The range of traditional American Indian housing types includes multistory adobe dwellings, hogans, tepees, wickiups, the residential earthworks of the mound builders, the enormous wood houses of the Wakeshan people of Vancouver Island, and the cedar-planked, shed-roof houses of the Makah people in Neah Bay, Washington. Those Makah structures no longer exist. The people were forced by missionaries and government agents to pull most of them down a century ago, and the obliteration was completed by the U.S. military during World War I. However, some of the tribe’s new buildings honor what was lost.
One that is highlighted in New Architecture on Indigenous Lands (University of Minnesota Press) is the Makah Cultural and Research Center designed by Fred Bassetti and Company Architects, Seattle, and Canadian designer Jean Jacques André. It houses many of the 55,000 artifacts that were buried in a mudslide more than 500 years ago and then uncovered by tidal erosion in 1970. The building is of traditional red cedar, including in the horizontal planks that recall a Makah meetinghouse of old.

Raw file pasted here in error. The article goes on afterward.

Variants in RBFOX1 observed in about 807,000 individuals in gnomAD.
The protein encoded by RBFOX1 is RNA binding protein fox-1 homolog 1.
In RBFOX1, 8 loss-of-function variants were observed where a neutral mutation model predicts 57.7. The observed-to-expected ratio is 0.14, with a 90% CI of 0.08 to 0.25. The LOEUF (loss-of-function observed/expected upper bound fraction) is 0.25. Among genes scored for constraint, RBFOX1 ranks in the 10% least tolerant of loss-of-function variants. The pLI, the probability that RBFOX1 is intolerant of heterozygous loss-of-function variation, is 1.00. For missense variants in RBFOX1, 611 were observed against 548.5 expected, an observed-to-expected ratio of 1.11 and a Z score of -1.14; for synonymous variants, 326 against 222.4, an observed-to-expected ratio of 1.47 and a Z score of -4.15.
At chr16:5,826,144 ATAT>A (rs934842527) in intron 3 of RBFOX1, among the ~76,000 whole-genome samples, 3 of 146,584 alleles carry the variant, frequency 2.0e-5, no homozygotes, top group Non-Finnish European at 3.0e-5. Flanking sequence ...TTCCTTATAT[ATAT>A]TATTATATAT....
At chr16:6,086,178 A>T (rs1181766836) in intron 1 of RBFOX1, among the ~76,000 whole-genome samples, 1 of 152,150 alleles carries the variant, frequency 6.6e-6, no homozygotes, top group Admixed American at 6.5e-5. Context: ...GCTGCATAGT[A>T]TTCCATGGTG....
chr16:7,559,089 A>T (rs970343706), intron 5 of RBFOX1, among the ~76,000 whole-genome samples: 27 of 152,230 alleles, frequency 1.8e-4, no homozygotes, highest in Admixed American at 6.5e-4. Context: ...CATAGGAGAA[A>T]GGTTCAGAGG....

You must login to view the full content on this page.
Or, use your linked account: